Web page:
While Hicks languishes in an illegal US prison system our government does nothing to expedite his release or get a fair trial for him. The only ones who seem content that Hicks is still behind bars are our government. They are now the ones abandoned by their fellow coalition of the willing member, Britain. I don’t like Blair or what he and his government stand for, but at least they had the balls to get their nationals out. 

So why am I in a funk? I guess it’s because I worry too much and take too much notice of the injustice and inequity I see around me. I guess it’s also because I realise how ineffectual and hypocritical I can be. I guess it’s because at the one time of the year I’m meant to feel “connected” to the whole of humanity, I find those who have the power are doing all they can to disconnect from the rest of us. 

The wealthy continue to build their gated and walled communities which exclude at the price of isolation. The ruling class continue to blindly lead each other which means the blind are leading the ignorant. The poor keep doing what they do best, annoying the hell out of the ruling classes and reminding the rich that their wealth comes at the expense of other’s liberty. But what really gets me down is that I’m starting to lose my very positive and optimistic outlook on my own people, Australians. Sure we’re easy going, hedonistic, layback and cool but I never thought I would see us become lazy.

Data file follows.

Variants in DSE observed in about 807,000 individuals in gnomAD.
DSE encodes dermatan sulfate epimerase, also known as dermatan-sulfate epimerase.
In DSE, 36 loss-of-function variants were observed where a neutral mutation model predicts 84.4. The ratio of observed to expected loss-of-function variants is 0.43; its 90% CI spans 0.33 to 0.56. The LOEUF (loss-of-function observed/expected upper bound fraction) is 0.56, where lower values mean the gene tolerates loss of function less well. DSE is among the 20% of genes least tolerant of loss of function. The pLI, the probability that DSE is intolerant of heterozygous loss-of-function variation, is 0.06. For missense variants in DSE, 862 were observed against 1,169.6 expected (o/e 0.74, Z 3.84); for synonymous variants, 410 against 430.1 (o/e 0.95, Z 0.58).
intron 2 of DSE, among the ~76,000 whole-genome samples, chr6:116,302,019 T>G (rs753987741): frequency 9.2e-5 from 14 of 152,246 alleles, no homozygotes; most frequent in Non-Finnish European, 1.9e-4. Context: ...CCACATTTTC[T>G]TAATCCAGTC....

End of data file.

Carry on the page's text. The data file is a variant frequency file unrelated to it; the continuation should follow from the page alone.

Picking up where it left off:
What I mean by this is that while we can spot a bullshit artist a mile away and don’t suffer them lightly, it seems that when it comes to the political economy, we have either lost this great trait or the propaganda wars have been won by the other side. I’m not sure which it is but if we can accept that some people should be “compensated” to the tune of tens of millions of dollars while accepting that it’s OK for those with profound disabilities to be housed in nursing homes for the aged, then there is something seriously wrong with us as a people. 

If we can allow the lies that are the AWB affair and the Queensland government’s review into Mulrunji’s death to proceed in such a biased and racist manner, if we can allow a fellow Australian, held without charge and in solitary confinement in an illegal and unjust regime, if we can allow those at the bottom of our social system to be humiliated, ridiculed and forgotten, then we have failed to live up to the “fair go” ethos lauded by our Prime Minister. 

We are all diminished when we forget the weakest among us. So I guess the reason I am in this funk is because, to me at least, those who have the power to make this place a better one for even the weakest among us, have turned their back and are writing us out of their script for a ‘brave new world’. 

But then I can’t help remembering what it was like to see and hold and smell my new born sons. Full of only a will to live and nothing more to distract them, they fought their way into the world and continue to fight their way through it. That rush of excitement in seeing new life is also reflected when I look out of the front window towards the hills. Now that the smoke from the bush fires has cleared, I can see the blue hills in the distance and the pond ducks over the road. Both are ‘picture perfect’, both are living examples of the vastness of the universe. My funk has not lifted yet, but given time I hope it will.  

2006 will be, for me, the year I lost my faith in Australian’s to do the right thing. My hope, dream and prayer is that 2007 will be the year we remember who we are and then do our best to become who we could be.